As you may know, October is Breast Cancer Awareness Month. We spoke to breast cancer survivor and Royce ambassador, Valerie to get her experience of breast cancer from beginning to end.

 

Diagnosis

I was diagnosed with breast cancer in February 2011. Before getting checked, I didn’t feel a lump. The only thing I noticed was the side of my breast felt tender to touch. A bit like it’d been knocked or something. I ignored it to begin with, then a couple of weeks later, it was still tender and a bit sore. A couple of my friends encouraged me to speak to the doctor, so I booked an appointment with my GP in the village. My GP couldn’t find anything but referred me to the breast clinic at the local hospital for a thorough check-up. We do have cancer in the family – my mum had ovarian cancer and her sister had breast cancer.

I actually work at the hospital, so I went to my appointment during my working day. A consultant did the examination. They said the fact that it was sore was a good sign. That day, I had a mammogram and an ultrasound. They then injected a long thing needle into the side of my breast to extract some cells.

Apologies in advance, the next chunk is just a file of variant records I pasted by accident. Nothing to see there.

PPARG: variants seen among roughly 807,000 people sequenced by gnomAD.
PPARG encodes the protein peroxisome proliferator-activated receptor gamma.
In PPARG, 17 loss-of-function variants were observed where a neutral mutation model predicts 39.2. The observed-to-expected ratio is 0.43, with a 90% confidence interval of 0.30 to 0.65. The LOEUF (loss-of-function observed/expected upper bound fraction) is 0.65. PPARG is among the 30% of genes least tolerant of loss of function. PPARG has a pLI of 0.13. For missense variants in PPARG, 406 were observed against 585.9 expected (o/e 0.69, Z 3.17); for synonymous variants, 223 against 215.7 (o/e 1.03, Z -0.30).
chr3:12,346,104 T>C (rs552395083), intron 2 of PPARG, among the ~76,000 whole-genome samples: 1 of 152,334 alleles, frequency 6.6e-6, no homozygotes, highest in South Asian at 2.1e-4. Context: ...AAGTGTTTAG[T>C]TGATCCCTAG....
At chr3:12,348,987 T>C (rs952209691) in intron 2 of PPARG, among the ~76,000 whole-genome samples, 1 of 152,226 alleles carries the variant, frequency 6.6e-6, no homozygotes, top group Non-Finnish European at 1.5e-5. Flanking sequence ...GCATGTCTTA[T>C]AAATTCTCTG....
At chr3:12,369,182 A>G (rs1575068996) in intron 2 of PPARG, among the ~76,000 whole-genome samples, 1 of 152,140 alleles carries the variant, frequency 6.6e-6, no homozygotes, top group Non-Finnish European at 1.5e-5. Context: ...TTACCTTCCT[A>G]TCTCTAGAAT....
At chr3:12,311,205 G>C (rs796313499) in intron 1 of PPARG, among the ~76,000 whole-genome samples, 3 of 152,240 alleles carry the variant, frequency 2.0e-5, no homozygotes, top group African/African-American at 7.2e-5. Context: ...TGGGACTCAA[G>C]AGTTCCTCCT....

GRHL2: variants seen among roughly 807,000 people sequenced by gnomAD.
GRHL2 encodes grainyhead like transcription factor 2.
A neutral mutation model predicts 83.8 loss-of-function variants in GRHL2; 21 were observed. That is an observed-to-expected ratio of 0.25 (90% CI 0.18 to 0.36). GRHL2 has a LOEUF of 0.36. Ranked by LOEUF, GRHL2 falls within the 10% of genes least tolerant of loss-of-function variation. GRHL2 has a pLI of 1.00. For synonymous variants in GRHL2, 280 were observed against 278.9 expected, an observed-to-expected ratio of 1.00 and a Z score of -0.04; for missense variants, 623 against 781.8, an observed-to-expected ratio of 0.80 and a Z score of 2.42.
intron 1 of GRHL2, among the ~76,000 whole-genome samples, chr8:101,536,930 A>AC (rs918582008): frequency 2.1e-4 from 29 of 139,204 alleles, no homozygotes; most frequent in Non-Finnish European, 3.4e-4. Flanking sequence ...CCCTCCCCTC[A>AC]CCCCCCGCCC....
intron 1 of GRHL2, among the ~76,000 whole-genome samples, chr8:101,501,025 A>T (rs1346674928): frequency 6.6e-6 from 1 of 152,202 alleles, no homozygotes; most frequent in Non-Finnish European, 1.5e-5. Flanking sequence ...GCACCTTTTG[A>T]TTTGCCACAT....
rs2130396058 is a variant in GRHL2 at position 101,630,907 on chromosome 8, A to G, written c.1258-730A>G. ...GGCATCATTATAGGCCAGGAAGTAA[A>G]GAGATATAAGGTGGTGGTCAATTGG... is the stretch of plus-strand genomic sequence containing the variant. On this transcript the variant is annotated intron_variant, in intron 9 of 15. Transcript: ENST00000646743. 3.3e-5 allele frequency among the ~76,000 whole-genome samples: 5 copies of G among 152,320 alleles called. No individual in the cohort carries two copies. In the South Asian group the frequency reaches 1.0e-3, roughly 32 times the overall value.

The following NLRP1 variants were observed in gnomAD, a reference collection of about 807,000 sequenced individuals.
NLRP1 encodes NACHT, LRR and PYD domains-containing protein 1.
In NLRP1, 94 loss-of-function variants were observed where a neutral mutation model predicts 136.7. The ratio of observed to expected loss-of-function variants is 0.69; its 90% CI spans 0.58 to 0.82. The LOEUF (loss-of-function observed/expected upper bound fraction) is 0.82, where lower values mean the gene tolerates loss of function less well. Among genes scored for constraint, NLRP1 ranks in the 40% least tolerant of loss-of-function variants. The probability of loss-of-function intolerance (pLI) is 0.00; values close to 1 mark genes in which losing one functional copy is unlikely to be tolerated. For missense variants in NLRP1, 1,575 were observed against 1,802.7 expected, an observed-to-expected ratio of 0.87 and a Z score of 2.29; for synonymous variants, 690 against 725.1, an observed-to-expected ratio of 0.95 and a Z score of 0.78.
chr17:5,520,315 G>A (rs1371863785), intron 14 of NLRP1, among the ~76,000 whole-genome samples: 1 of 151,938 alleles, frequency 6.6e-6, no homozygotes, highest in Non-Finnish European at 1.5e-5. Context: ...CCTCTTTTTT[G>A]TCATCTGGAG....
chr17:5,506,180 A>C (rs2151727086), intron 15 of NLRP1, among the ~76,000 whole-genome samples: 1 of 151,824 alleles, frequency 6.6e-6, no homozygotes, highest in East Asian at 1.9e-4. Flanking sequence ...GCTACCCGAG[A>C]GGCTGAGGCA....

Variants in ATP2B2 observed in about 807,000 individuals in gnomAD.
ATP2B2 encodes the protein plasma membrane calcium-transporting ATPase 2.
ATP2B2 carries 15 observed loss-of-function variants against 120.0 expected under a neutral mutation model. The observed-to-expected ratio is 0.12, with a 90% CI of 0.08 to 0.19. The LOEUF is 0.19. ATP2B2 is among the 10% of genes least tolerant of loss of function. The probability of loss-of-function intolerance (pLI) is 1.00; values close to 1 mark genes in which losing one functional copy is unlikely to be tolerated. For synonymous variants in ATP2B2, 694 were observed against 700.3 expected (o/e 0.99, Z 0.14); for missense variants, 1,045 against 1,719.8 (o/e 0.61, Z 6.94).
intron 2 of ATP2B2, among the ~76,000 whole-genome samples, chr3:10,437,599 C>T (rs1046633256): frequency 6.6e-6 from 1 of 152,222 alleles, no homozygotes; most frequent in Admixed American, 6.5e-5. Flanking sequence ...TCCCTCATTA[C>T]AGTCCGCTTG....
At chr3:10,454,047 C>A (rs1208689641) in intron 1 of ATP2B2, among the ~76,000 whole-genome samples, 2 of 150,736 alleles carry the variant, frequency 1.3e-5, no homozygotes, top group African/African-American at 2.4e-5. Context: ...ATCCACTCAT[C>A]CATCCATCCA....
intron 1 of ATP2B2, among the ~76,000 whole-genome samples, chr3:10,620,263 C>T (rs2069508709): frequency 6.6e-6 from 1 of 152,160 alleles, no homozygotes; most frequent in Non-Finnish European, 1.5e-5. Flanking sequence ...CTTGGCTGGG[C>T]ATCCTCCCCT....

Within two hours, I was told I had breast cancer. How people can wait for weeks for results, I do not know. I feel lucky that I was told so quickly.

The consultant along with the breast care nurse called me back into the consulting room and told me that I would have to have a full mastectomy of my right breast. As the lump was so deep against my chest wall and was the size of a golf ball, a lumpectomy would have left me with a deformed breast. They did say that I could have a reconstruction afterwards, but I hadn’t opted for that. That’s a long time on the operating table.

I was turning 60 that year and had lots of things planned. I just wanted to get on with it. I remember seeing all of the troops returning from Afghanistan with severe and debilitating injuries and I thought to myself, what’s the removal of my breast in the grand scheme of things?